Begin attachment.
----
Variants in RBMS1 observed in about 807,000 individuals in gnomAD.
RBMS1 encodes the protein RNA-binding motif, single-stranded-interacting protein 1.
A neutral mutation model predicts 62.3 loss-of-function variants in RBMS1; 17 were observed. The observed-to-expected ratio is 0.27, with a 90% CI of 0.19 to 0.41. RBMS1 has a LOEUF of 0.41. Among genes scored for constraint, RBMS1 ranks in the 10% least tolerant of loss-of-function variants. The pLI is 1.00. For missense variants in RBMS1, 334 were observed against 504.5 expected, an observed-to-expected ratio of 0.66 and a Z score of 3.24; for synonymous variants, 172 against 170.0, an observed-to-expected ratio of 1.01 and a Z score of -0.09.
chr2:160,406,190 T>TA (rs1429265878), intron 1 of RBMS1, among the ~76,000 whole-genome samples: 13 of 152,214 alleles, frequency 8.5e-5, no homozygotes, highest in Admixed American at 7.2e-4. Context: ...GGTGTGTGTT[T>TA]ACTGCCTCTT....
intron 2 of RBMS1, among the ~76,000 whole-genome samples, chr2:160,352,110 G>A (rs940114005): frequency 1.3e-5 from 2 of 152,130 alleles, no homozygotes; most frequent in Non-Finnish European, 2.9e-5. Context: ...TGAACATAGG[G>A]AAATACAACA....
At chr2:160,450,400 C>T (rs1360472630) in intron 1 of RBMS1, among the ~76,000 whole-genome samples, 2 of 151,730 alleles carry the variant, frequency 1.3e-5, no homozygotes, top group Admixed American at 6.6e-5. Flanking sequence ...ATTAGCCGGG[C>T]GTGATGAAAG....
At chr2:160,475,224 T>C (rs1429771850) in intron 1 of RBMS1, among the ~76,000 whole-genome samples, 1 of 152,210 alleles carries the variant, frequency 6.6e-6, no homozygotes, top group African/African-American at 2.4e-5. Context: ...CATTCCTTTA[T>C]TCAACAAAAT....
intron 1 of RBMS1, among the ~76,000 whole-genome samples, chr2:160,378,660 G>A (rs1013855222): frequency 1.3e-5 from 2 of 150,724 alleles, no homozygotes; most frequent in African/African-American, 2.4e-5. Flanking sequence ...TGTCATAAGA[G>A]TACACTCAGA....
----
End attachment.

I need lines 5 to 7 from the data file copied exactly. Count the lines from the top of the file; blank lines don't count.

intron 2 of RBMS1, among the ~76,000 whole-genome samples, chr2:160,352,110 G>A (rs940114005): frequency 1.3e-5 from 2 of 152,130 alleles, no homozygotes; most frequent in Non-Finnish European, 2.9e-5. Context: ...TGAACATAGG[G>A]AAATACAACA....
At chr2:160,450,400 C>T (rs1360472630) in intron 1 of RBMS1, among the ~76,000 whole-genome samples, 2 of 151,730 alleles carry the variant, frequency 1.3e-5, no homozygotes, top group Admixed American at 6.6e-5. Flanking sequence ...ATTAGCCGGG[C>T]GTGATGAAAG....
At chr2:160,475,224 T>C (rs1429771850) in intron 1 of RBMS1, among the ~76,000 whole-genome samples, 1 of 152,210 alleles carries the variant, frequency 6.6e-6, no homozygotes, top group African/African-American at 2.4e-5. Context: ...CATTCCTTTA[T>C]TCAACAAAAT....